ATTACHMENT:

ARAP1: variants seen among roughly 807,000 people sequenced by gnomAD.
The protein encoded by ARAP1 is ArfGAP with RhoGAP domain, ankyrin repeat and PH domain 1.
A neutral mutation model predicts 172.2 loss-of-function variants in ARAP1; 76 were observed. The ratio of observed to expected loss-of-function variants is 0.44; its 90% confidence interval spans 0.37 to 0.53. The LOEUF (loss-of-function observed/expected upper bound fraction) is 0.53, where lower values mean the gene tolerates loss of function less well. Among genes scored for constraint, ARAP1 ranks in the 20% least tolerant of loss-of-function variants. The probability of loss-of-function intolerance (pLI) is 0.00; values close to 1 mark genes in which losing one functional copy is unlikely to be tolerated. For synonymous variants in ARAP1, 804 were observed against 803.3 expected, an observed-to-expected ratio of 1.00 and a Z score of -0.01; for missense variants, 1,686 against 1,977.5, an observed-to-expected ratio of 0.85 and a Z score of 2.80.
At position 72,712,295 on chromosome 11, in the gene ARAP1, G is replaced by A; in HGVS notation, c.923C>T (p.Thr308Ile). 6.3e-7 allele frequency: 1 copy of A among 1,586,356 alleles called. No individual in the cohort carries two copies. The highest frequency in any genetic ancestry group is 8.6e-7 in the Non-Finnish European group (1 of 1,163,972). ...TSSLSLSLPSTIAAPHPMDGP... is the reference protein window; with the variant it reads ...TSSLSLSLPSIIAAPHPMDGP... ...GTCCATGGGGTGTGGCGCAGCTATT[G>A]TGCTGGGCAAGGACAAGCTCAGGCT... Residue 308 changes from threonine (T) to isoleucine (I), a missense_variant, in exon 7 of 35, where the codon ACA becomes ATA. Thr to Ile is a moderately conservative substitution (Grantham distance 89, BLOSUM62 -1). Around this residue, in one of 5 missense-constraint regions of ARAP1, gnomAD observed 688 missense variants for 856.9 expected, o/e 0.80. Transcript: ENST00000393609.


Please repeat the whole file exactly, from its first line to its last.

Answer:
ARAP1: variants seen among roughly 807,000 people sequenced by gnomAD.
The protein encoded by ARAP1 is ArfGAP with RhoGAP domain, ankyrin repeat and PH domain 1.
A neutral mutation model predicts 172.2 loss-of-function variants in ARAP1; 76 were observed. The ratio of observed to expected loss-of-function variants is 0.44; its 90% confidence interval spans 0.37 to 0.53. The LOEUF (loss-of-function observed/expected upper bound fraction) is 0.53, where lower values mean the gene tolerates loss of function less well. Among genes scored for constraint, ARAP1 ranks in the 20% least tolerant of loss-of-function variants. The probability of loss-of-function intolerance (pLI) is 0.00; values close to 1 mark genes in which losing one functional copy is unlikely to be tolerated. For synonymous variants in ARAP1, 804 were observed against 803.3 expected, an observed-to-expected ratio of 1.00 and a Z score of -0.01; for missense variants, 1,686 against 1,977.5, an observed-to-expected ratio of 0.85 and a Z score of 2.80.
At position 72,712,295 on chromosome 11, in the gene ARAP1, G is replaced by A; in HGVS notation, c.923C>T (p.Thr308Ile). 6.3e-7 allele frequency: 1 copy of A among 1,586,356 alleles called. No individual in the cohort carries two copies. The highest frequency in any genetic ancestry group is 8.6e-7 in the Non-Finnish European group (1 of 1,163,972). ...TSSLSLSLPSTIAAPHPMDGP... is the reference protein window; with the variant it reads ...TSSLSLSLPSIIAAPHPMDGP... ...GTCCATGGGGTGTGGCGCAGCTATT[G>A]TGCTGGGCAAGGACAAGCTCAGGCT... Residue 308 changes from threonine (T) to isoleucine (I), a missense_variant, in exon 7 of 35, where the codon ACA becomes ATA. Thr to Ile is a moderately conservative substitution (Grantham distance 89, BLOSUM62 -1). Around this residue, in one of 5 missense-constraint regions of ARAP1, gnomAD observed 688 missense variants for 856.9 expected, o/e 0.80. Transcript: ENST00000393609.